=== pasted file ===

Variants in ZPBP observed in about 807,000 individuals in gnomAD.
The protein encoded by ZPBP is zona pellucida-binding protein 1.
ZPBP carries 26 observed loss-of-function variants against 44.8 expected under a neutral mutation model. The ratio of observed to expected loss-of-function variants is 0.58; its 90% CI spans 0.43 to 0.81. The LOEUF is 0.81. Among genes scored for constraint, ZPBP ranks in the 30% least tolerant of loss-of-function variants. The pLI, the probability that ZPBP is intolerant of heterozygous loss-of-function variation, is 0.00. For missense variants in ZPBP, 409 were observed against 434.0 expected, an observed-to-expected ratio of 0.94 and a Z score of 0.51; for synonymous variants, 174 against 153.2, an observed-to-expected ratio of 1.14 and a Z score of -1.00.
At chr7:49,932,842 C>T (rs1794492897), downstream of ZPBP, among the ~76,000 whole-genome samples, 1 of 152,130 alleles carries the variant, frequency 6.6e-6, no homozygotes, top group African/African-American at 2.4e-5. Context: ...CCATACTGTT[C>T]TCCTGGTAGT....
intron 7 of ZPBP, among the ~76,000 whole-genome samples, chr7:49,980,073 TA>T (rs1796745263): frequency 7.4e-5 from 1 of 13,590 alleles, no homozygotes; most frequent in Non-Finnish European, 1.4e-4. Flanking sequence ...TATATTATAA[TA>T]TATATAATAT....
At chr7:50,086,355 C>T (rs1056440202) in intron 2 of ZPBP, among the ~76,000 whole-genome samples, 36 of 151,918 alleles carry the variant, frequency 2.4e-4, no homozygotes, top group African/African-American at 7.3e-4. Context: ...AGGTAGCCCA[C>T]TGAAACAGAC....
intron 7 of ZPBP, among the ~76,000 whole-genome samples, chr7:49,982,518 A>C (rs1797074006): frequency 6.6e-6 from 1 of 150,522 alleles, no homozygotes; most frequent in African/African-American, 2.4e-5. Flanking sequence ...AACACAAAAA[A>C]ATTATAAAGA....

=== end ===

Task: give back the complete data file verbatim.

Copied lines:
Variants in ZPBP observed in about 807,000 individuals in gnomAD.
The protein encoded by ZPBP is zona pellucida-binding protein 1.
ZPBP carries 26 observed loss-of-function variants against 44.8 expected under a neutral mutation model. The ratio of observed to expected loss-of-function variants is 0.58; its 90% CI spans 0.43 to 0.81. The LOEUF is 0.81. Among genes scored for constraint, ZPBP ranks in the 30% least tolerant of loss-of-function variants. The pLI, the probability that ZPBP is intolerant of heterozygous loss-of-function variation, is 0.00. For missense variants in ZPBP, 409 were observed against 434.0 expected, an observed-to-expected ratio of 0.94 and a Z score of 0.51; for synonymous variants, 174 against 153.2, an observed-to-expected ratio of 1.14 and a Z score of -1.00.
At chr7:49,932,842 C>T (rs1794492897), downstream of ZPBP, among the ~76,000 whole-genome samples, 1 of 152,130 alleles carries the variant, frequency 6.6e-6, no homozygotes, top group African/African-American at 2.4e-5. Context: ...CCATACTGTT[C>T]TCCTGGTAGT....
intron 7 of ZPBP, among the ~76,000 whole-genome samples, chr7:49,980,073 TA>T (rs1796745263): frequency 7.4e-5 from 1 of 13,590 alleles, no homozygotes; most frequent in Non-Finnish European, 1.4e-4. Flanking sequence ...TATATTATAA[TA>T]TATATAATAT....
At chr7:50,086,355 C>T (rs1056440202) in intron 2 of ZPBP, among the ~76,000 whole-genome samples, 36 of 151,918 alleles carry the variant, frequency 2.4e-4, no homozygotes, top group African/African-American at 7.3e-4. Context: ...AGGTAGCCCA[C>T]TGAAACAGAC....
intron 7 of ZPBP, among the ~76,000 whole-genome samples, chr7:49,982,518 A>C (rs1797074006): frequency 6.6e-6 from 1 of 150,522 alleles, no homozygotes; most frequent in African/African-American, 2.4e-5. Flanking sequence ...AACACAAAAA[A>C]ATTATAAAGA....